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FriendFinder/Penthouse IPO: All You Need to Know About Digital Advertising

Quick, ask the person in the next cubicle to name the digital media brand that has 196 million unique visitors per month and annual revenues of $346 million? Give them this clue: It's a household name. Chances are they won't answer FriendFinder Networks (FFN), owner of Penthouse magazine and various other adult media properties.

FFN refiled for an IPO on March 17. Anyone interested in whether it is possible to build a profitable media company with significant advertising revenues ought to read it. The overwhelming fact that emerges is that yes, you can build a profitable online media brand -- just not from ad revenues.

Here's how FFN breaks down its $346 million in annual sales:

  • 70% - "social networking" (i.e. "adult" dating sites).
  • 22% - "live interactive video" (i.e. pay-per-view porn cams).
  • 3.1% - publishing revenue from Penthouse itself.
  • 3.1% - cable TV/broadcasting revenue.
  • 0.8% - licensing the Penthouse name to strip clubs and other merchandise vendors.
In years gone by, Penthouse would have been a mammoth generator of ad revenue. On these numbers, Penthouse (the magazine and the web site) currently generates just $1 million a year -- barely enough to maintain a handful of staff. That's an astonishing situation, if you think about it: What other media company attracts nearly 200 million users each month and yet gets less than $100,000 in advertising from those eyeballs? (By comparison, The New York Times has just 14 million uniques per month, and many more millions in ad sales, according to

FFN actually admits that advertising is a non-starter, business-wise:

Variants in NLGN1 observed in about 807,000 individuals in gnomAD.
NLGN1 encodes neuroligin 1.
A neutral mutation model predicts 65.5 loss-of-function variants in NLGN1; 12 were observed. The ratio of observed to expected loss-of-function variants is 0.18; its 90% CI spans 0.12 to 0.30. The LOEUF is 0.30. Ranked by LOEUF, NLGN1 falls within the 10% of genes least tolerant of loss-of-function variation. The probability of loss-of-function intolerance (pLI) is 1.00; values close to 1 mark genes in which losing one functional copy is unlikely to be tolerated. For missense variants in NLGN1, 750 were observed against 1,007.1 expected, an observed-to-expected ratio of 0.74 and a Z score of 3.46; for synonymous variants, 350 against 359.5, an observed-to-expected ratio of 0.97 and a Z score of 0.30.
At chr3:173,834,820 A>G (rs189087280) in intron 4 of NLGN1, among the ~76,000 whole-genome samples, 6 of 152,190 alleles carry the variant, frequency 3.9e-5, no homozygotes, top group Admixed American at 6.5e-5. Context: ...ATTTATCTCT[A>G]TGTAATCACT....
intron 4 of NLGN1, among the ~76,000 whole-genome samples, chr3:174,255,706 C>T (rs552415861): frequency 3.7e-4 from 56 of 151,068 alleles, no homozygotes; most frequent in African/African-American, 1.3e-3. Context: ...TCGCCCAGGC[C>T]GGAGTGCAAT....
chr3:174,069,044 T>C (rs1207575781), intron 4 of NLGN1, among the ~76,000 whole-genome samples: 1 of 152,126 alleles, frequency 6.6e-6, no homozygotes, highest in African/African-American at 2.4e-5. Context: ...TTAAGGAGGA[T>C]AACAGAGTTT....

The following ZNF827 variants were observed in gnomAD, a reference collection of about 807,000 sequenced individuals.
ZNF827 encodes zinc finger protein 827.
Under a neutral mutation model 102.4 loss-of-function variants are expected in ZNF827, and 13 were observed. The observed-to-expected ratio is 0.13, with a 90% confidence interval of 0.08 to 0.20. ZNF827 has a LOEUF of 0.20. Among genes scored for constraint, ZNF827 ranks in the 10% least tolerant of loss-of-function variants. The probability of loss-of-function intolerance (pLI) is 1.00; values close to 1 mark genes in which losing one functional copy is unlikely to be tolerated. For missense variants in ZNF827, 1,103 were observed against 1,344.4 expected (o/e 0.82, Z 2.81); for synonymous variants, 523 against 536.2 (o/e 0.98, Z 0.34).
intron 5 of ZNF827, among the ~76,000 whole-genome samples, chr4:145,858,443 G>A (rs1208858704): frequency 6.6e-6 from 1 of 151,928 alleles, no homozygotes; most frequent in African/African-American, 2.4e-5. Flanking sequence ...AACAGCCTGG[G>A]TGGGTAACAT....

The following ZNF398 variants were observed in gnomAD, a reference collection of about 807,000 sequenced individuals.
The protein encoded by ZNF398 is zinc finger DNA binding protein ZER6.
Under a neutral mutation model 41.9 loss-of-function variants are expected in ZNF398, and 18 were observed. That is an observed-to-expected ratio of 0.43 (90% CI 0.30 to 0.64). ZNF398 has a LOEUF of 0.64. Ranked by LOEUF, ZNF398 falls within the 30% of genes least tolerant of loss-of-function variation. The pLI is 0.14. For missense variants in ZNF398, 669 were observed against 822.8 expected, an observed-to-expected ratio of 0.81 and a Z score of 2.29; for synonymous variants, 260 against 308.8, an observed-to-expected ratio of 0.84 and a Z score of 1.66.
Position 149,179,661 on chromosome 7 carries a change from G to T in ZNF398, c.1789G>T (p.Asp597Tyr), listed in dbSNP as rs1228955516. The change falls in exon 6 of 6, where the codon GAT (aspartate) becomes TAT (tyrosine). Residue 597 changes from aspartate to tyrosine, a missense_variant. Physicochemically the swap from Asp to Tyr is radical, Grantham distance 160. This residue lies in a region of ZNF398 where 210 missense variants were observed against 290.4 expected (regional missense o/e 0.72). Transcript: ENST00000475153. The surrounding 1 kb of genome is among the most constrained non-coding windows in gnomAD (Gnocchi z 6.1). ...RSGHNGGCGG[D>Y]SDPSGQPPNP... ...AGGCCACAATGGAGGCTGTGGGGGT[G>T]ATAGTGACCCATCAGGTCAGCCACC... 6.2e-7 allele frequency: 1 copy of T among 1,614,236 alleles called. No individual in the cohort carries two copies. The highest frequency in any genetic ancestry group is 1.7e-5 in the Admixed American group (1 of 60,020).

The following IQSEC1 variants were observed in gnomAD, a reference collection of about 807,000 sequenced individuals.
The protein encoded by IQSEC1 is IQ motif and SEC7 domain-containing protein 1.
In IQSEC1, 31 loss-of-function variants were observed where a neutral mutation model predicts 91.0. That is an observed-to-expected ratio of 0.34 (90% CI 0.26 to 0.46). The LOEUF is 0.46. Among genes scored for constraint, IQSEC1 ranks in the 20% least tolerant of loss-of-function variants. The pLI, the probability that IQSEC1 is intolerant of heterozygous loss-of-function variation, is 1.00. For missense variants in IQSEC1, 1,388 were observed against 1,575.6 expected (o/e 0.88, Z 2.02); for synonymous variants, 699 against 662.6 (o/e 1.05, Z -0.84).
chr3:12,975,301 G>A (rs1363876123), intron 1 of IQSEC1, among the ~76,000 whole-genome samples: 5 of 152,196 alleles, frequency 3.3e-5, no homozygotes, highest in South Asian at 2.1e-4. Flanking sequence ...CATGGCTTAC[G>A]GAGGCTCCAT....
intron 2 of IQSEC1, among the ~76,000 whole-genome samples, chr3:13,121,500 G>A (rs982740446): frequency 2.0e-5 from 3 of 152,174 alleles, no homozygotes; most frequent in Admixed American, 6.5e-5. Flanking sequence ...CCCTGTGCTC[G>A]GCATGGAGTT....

We have never generated significant revenue from internet advertising. In the future, we may shift some of our websites with lower subscription penetration to an advertising-based revenue model and may seek to provide selected targeted advertising on our subscriber-focused websites.
If the market for internet-based advertising does not continue to develop or develops more slowly than expected, or if social networking websites are deemed to be a poor medium on which to advertise, our plan to use internet advertising revenue as a means of revenue growth may not succeed.
This ought to be sobering information for anyone in the digital media business. Porn is often a bellwether for the ad industry as a whole, and has suffered an extreme version of what the traditional media sector has suffered during the digital holocaust revolution: The disintermediation of its revenues from its content and an audience that is as happy with the free, pirated version as it was the with original pay-version.

The stupidest thing about FFN's business model is its lack of profitability. Despite raking in $346 million it still lost $43.2 million last year. The culprit: Penthouse. FFN is making debt payments of $115 million a year in its struggle to pay off a $500 million acquisition cost in which Penthouse bought FFN. The company's total debt now stands at $511 million.

In other words, not only is Penthouse the least functional portion of FFN, FFN would actually have been better off as a business without the Penthouse purchase.

Regular BNET readers will have noticed a theme emerging among the financial information available for prominent digital media content brands: Whether it's Twitter, Linkedin, Demand Media, Playboy or Pandora, advertising is one of the least effective ways of generating revenue on the web. Subscriptions, by contrast, seem to be the way to go. If FFN can use its cashflows to pay off the Penthouse debt, investors might (eventually) discover a nice little porn/adult-dating business living underneath it.


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